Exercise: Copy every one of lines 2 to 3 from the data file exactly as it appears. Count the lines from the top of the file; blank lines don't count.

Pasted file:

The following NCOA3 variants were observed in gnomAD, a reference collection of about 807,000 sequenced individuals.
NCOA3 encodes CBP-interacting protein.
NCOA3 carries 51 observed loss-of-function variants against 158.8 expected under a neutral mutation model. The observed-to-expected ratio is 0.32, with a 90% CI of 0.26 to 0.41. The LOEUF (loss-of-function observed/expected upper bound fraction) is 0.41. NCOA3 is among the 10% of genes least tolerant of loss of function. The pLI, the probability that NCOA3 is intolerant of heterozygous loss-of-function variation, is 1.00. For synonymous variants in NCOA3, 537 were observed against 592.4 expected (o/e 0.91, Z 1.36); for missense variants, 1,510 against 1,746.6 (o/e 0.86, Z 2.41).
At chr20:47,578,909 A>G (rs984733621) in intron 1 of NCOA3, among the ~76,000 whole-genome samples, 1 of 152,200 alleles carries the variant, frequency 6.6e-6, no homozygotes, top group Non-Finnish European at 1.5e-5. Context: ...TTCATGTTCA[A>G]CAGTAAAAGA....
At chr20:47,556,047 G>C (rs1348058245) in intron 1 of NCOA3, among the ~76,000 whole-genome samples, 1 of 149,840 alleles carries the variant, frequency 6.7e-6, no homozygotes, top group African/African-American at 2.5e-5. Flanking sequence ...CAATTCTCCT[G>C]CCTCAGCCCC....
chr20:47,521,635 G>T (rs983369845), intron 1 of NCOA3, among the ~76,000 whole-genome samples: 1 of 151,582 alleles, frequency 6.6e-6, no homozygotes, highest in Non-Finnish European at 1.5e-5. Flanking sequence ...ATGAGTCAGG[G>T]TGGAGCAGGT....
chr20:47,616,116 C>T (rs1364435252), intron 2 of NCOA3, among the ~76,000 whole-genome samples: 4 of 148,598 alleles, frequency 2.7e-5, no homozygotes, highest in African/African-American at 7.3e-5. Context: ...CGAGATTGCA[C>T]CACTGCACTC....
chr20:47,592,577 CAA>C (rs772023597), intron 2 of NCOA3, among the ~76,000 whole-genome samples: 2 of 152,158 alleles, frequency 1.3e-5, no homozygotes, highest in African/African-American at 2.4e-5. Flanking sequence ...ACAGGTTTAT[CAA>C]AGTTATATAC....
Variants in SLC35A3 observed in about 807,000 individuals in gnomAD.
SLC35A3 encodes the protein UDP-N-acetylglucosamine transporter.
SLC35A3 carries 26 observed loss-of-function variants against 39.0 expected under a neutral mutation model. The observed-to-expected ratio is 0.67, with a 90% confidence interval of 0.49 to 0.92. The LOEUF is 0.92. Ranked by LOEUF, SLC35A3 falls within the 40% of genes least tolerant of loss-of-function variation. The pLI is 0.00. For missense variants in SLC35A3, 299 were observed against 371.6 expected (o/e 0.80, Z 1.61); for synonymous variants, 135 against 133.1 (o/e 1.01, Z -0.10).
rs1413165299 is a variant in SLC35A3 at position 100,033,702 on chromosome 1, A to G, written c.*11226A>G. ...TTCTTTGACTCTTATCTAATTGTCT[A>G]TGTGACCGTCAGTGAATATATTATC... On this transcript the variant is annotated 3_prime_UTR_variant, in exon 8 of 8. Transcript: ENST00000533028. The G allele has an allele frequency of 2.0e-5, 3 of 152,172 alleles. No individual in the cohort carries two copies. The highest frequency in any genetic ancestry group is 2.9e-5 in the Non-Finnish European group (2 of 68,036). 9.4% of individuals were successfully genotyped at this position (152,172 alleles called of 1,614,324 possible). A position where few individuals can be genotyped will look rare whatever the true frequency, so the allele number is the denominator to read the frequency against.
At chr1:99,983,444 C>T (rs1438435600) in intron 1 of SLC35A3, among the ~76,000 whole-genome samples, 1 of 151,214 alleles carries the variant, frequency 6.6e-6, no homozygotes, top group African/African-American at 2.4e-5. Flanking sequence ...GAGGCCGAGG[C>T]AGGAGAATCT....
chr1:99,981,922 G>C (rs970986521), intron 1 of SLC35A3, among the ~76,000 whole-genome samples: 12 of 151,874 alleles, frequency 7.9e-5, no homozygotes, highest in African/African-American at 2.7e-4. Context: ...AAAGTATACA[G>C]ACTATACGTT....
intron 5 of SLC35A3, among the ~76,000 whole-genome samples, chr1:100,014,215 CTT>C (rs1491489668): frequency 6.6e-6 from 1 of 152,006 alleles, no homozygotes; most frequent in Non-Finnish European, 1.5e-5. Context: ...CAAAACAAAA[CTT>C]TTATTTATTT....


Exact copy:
NCOA3 encodes CBP-interacting protein.
NCOA3 carries 51 observed loss-of-function variants against 158.8 expected under a neutral mutation model. The observed-to-expected ratio is 0.32, with a 90% CI of 0.26 to 0.41. The LOEUF (loss-of-function observed/expected upper bound fraction) is 0.41. NCOA3 is among the 10% of genes least tolerant of loss of function. The pLI, the probability that NCOA3 is intolerant of heterozygous loss-of-function variation, is 1.00. For synonymous variants in NCOA3, 537 were observed against 592.4 expected (o/e 0.91, Z 1.36); for missense variants, 1,510 against 1,746.6 (o/e 0.86, Z 2.41).